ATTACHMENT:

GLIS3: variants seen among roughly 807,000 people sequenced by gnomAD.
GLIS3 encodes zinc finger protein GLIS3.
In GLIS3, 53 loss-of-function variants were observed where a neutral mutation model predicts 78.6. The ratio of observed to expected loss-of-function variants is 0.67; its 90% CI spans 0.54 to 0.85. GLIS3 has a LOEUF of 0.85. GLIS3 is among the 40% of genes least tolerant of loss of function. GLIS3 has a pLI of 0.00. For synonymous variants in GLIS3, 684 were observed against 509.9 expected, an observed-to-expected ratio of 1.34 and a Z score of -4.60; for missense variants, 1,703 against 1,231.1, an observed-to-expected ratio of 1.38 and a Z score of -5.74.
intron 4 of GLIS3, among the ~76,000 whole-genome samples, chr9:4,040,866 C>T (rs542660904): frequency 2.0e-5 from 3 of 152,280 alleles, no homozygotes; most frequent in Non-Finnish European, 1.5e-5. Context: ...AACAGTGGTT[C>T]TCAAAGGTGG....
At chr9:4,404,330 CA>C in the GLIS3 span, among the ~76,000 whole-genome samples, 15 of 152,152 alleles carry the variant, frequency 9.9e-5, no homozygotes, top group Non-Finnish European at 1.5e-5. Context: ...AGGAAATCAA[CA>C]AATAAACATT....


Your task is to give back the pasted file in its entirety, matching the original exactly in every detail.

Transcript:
GLIS3: variants seen among roughly 807,000 people sequenced by gnomAD.
GLIS3 encodes zinc finger protein GLIS3.
In GLIS3, 53 loss-of-function variants were observed where a neutral mutation model predicts 78.6. The ratio of observed to expected loss-of-function variants is 0.67; its 90% CI spans 0.54 to 0.85. GLIS3 has a LOEUF of 0.85. GLIS3 is among the 40% of genes least tolerant of loss of function. GLIS3 has a pLI of 0.00. For synonymous variants in GLIS3, 684 were observed against 509.9 expected, an observed-to-expected ratio of 1.34 and a Z score of -4.60; for missense variants, 1,703 against 1,231.1, an observed-to-expected ratio of 1.38 and a Z score of -5.74.
intron 4 of GLIS3, among the ~76,000 whole-genome samples, chr9:4,040,866 C>T (rs542660904): frequency 2.0e-5 from 3 of 152,280 alleles, no homozygotes; most frequent in Non-Finnish European, 1.5e-5. Context: ...AACAGTGGTT[C>T]TCAAAGGTGG....
At chr9:4,404,330 CA>C in the GLIS3 span, among the ~76,000 whole-genome samples, 15 of 152,152 alleles carry the variant, frequency 9.9e-5, no homozygotes, top group Non-Finnish European at 1.5e-5. Context: ...AGGAAATCAA[CA>C]AATAAACATT....